Tracy McGrady was one of the best all-around talents this league has ever seen. When he was allowed to freelance on offense and lead the charge in the half court, McGrady looked like one of the top scorers of his generation and a playmaker that could do anything he wanted on a basketball court. He could get to the line, get to the rim, pull up in midrange, or stroke it from 3-point range.
However, at a certain point the injuries piled up on McGrady and it took away his explosiveness. McGrady had issues returning to full strength. On NBA TV's "Open Court," he admitted to considering performance enhancing drugs in order to restore the health in his body and get back to being the offensive force we remember him being. He said in the video above that after researching the potential side effects, he decided against it.
They bring up an interesting question in the discussion had on the show that isn't totally relevant to the NBA (as far as we know) but has bigger implications for professional sports. Should a player lose his contract if he's caught using PEDs more than once in his career? A lot of players looking to get such an advantage or edge in their play through the use of PEDs are assumed to be doing it for a big payday in their career, maybe even multiple enormous paydays.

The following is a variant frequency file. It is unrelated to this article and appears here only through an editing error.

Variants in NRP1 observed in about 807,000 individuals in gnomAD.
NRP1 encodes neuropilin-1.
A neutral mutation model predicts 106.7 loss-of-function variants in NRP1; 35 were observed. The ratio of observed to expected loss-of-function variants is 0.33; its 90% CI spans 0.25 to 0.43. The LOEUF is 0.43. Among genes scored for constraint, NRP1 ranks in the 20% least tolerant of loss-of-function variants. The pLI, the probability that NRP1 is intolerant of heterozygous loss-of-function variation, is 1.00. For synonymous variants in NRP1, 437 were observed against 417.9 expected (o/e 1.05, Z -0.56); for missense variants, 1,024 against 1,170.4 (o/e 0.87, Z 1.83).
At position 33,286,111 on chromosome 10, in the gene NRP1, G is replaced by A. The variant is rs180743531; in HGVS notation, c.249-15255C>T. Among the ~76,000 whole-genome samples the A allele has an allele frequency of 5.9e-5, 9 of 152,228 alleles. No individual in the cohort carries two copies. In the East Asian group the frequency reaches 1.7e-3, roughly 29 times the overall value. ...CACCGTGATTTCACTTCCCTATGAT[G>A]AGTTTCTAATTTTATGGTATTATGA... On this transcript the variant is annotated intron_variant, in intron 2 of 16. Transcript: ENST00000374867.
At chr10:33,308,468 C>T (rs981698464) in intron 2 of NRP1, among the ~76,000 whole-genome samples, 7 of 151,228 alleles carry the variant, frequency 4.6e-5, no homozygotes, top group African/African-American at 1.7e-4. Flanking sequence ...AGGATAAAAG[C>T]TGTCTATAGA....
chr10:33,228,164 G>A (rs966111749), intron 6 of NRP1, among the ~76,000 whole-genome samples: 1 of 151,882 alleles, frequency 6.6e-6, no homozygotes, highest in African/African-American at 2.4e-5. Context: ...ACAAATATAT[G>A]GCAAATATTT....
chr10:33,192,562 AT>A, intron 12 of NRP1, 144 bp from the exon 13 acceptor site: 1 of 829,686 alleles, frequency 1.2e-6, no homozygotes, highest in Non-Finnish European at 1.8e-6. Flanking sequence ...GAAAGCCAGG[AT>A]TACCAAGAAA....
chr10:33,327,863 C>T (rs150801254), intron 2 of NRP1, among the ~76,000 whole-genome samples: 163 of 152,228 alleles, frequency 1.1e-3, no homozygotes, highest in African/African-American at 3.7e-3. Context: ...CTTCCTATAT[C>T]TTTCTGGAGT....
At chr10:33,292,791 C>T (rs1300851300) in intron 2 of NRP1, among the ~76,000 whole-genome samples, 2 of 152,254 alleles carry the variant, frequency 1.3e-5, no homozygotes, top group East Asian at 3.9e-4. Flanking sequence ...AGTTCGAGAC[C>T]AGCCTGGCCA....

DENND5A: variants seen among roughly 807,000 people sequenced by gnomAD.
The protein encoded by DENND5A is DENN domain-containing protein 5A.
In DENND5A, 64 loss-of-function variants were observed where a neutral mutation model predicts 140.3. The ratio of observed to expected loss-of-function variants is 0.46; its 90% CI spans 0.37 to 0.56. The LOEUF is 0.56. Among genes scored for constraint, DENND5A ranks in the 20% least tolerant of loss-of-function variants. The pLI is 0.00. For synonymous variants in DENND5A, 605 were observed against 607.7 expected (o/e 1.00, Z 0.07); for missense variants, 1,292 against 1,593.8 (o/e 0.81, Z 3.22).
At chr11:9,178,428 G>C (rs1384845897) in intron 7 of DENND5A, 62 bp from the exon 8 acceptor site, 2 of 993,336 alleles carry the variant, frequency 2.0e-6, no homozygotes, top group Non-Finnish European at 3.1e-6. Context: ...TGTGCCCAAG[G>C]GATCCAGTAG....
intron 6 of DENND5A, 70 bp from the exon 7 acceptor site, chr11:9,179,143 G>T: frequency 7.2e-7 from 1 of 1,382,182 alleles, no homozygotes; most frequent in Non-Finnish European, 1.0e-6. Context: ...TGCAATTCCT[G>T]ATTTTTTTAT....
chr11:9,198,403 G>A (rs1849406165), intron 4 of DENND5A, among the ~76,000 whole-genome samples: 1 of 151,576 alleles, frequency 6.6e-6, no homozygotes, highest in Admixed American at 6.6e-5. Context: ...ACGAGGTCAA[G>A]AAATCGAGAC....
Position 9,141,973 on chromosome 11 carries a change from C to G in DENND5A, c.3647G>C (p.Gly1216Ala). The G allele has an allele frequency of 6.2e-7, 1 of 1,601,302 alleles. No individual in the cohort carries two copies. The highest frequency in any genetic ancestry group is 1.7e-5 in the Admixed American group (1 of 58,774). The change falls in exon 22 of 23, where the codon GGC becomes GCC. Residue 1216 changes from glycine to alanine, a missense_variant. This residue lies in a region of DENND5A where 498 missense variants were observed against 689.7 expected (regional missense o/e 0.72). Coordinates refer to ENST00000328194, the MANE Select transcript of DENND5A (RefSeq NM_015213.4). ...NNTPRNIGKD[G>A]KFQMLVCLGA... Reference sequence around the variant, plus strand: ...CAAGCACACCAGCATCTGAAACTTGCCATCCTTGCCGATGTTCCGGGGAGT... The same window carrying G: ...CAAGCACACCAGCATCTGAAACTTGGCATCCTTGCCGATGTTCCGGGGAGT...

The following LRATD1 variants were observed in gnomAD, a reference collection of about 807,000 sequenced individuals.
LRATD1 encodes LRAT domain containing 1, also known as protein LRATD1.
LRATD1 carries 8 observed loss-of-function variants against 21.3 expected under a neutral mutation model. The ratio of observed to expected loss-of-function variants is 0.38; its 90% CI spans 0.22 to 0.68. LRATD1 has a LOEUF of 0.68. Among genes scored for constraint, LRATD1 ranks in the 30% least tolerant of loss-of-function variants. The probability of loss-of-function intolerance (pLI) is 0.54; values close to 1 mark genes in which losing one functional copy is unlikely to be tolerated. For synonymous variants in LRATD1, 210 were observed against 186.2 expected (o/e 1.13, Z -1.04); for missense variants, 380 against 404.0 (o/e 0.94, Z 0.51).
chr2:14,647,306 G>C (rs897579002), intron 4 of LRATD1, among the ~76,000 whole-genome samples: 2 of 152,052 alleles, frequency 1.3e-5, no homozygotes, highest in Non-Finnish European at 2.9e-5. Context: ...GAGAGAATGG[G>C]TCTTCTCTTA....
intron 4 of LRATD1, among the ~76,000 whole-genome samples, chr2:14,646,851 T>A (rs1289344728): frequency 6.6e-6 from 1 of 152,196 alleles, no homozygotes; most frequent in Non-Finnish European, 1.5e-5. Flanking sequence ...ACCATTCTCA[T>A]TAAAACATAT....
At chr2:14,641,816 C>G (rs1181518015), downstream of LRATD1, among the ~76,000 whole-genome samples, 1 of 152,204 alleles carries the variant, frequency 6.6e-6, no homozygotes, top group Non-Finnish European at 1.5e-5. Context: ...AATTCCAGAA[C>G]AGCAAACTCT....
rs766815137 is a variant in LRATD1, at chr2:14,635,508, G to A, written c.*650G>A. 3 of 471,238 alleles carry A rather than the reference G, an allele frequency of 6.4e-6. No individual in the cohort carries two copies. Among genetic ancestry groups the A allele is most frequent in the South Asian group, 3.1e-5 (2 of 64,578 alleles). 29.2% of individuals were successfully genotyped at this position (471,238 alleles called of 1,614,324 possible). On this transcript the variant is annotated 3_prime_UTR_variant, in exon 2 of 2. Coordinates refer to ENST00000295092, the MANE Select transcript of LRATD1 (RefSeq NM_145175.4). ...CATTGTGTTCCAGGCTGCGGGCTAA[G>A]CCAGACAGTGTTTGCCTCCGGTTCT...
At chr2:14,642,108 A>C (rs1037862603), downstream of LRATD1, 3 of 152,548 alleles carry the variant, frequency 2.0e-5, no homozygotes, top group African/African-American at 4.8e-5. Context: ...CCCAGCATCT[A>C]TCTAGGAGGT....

If that's the case, is the only way to curb the use of PEDs going to end up being taking away the money from these players? Will suspensions and shame bother them if they're still making big money? Would the players unions ever agree to such a severe penalty?
There have been discussions in the NBA recently over stricter testing for PEDs that would likely involve blood work having to be done. We've only had a handful of PED suspensions in the NBA over the past few years with illegal substances a much bigger problem when it comes to players getting suspended. As of right now, there isn't a big concern with the NBA and its athletes using these performance enhancers. However, that doesn't mean the league shouldn't be out ahead of this potential problem, especially if great, oft-injured players of the past have thought about using them.